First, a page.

Australia | Mar 18 2020
As a substantial exporter of iron ore to China's recovering steel industry, does the share price of BHP Group deserve to be slammed so hard?
-Several brokers consider now is the time to gain exposure to BHP Group
-Oil may be down but iron ore is driving upgrade momentum
-Growth projects likely to be delayed
By Eva Brocklehurst
The slump in oil prices and the subsequent de-rating of the sector has dragged BHP Group ((BHP)) into the morass. However, is the stock deserving, considering it is a substantial exporter of iron ore to China's recovering steel industry?
The slump in global oil prices will have an impact on the company's petroleum earnings as well as growth aspirations in that division. Macquarie notes BHP Group's petroleum business accounts for around 14% of group operating earnings (EBITDA), using its forecasts, albeit only 7% using spot prices.
Hence, running spot oil prices and keeping all forecasts unchanged translates to a -11-12% reduction to earnings forecasts, which compares with the decline of around -14% in the stock price.
Morgan Stanley agrees the markets have overreacted and now is the opportunity to gain exposure, as BHP has potential to generate attractive free cash flow through the cycle. Gearing is at the lower end of the target range and affords significant protection and flexibility as well.
The broker also favours BHP's commodity mix relative to Rio Tinto ((RIO)), given its diversification and higher exposure to copper compared with aluminium. The main risk is if demand disruption spills into the second half and leads to a broader downturn.
Credit Suisse has cut forecasts for 2021 to US$45-50/bbl from US$55-65/bbl and cut BHP earnings estimates by -2% and -7% over FY20 and FY21 on the back of the changes. Still, the broker acknowledges its downgrades are likely to be too punitive, as there are small cost tailwinds from lower diesel prices and the currency is also turning in the company's favour.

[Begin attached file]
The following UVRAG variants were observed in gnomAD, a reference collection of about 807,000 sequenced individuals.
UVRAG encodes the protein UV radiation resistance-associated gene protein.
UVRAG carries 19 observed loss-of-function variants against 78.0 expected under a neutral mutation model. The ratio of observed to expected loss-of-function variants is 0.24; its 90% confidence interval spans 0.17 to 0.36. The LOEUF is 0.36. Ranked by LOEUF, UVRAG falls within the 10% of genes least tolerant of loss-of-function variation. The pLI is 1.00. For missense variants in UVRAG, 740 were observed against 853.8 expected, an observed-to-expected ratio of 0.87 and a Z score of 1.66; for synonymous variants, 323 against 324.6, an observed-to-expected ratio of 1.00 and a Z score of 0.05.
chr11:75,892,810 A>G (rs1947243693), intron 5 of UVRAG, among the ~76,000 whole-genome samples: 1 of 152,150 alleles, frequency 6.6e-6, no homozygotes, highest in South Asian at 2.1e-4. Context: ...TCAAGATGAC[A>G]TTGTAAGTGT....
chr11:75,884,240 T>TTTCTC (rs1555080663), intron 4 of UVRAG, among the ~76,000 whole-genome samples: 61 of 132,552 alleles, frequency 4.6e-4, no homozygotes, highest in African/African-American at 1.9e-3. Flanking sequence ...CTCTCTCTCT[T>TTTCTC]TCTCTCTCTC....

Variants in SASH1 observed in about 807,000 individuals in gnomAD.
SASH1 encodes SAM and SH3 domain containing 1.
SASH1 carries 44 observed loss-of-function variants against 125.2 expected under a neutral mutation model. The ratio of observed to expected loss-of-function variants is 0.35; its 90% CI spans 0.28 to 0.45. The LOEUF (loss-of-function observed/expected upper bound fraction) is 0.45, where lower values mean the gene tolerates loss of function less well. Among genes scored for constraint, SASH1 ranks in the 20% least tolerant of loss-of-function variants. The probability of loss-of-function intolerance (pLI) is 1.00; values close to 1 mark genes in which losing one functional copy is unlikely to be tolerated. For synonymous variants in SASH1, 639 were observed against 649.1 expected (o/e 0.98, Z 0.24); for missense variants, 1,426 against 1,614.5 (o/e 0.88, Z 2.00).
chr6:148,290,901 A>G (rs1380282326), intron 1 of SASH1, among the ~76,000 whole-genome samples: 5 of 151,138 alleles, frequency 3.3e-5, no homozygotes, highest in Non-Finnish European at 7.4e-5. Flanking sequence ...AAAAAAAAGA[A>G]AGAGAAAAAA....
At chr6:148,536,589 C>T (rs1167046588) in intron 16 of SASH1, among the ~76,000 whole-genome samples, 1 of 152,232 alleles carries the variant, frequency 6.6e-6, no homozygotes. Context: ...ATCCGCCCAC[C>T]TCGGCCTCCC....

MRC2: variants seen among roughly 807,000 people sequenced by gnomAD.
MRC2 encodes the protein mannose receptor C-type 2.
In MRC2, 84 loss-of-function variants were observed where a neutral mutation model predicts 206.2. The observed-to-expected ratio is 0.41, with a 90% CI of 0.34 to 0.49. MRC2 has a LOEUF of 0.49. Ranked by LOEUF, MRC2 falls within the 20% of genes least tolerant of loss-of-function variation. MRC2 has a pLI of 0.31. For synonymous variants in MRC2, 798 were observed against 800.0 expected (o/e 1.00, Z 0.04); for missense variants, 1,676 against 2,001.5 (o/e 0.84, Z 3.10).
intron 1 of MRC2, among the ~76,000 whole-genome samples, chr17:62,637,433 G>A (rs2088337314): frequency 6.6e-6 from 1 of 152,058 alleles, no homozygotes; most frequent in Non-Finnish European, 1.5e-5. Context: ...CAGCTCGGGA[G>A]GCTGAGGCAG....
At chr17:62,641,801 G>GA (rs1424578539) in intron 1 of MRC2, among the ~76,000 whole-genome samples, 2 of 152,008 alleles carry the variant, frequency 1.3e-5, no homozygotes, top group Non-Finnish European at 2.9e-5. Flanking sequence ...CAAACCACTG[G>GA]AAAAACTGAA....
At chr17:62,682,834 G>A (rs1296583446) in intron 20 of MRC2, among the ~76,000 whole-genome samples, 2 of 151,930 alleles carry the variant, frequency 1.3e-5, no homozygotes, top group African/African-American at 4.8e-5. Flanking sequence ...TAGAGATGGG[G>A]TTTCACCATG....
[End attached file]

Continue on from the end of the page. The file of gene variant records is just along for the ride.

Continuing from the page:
Iron ore is definitely running in BHP's favour, driving upgrade momentum, particularly for FY21 and beyond. As a result, while acknowledging the oil weakness erodes short-term earnings momentum, Macquarie lifts FY20 and FY21 estimates by 16% and 25% respectively.
Several brokers have acknowledged this situation by upgrading the stock to Buy over the past month. Citi, the most recent to do so, believes the low-cost assets provide an attractive entry point for long-term value.
Citi runs a test scenario, using increasingly bearish commodity forecasts, and while gearing rises for those companies with growth projects this is not to the levels considered of concern. Under this test, BHP's net debt increases to $12.9bn in FY21 versus a base case of $10.9bn and, while the dividend is likely to be cut under the stress test, the yield is still reasonable at 3.8%.
Citi suggests investors are now being paid to wait and, while not absolutely sure the low has been reached, is confident global macro economic policies and stimulus in China should improve the 2021 outlook for commodities.
Morgans expects the BHP share price will recover once the coronavirus impacts are contained, while the major miner is likely to maintain an attractive yield profile throughout the disruption. Moreover, the iron ore exposure should be enough to offset the elevated weakness in energy and some base metals.
Steel markets have proved far more resilient to underlying demand conditions, with the broker noting that while smaller infrastructure-constrained steel mills were operating at just 20% utilisation, the larger ones have maintained production.
This appears to be confirmed by iron ore inventory at Chinese ports. China's domestic iron ore production has also been affected by suspensions which provides further support to seaborne prices.
China's government is expected to respond to the coronavirus conditions (and the rate of infections appear to have stabilised) with stimulus that could mean a sharp recovery in commodities demand in the second half of 2020, Morgans points out.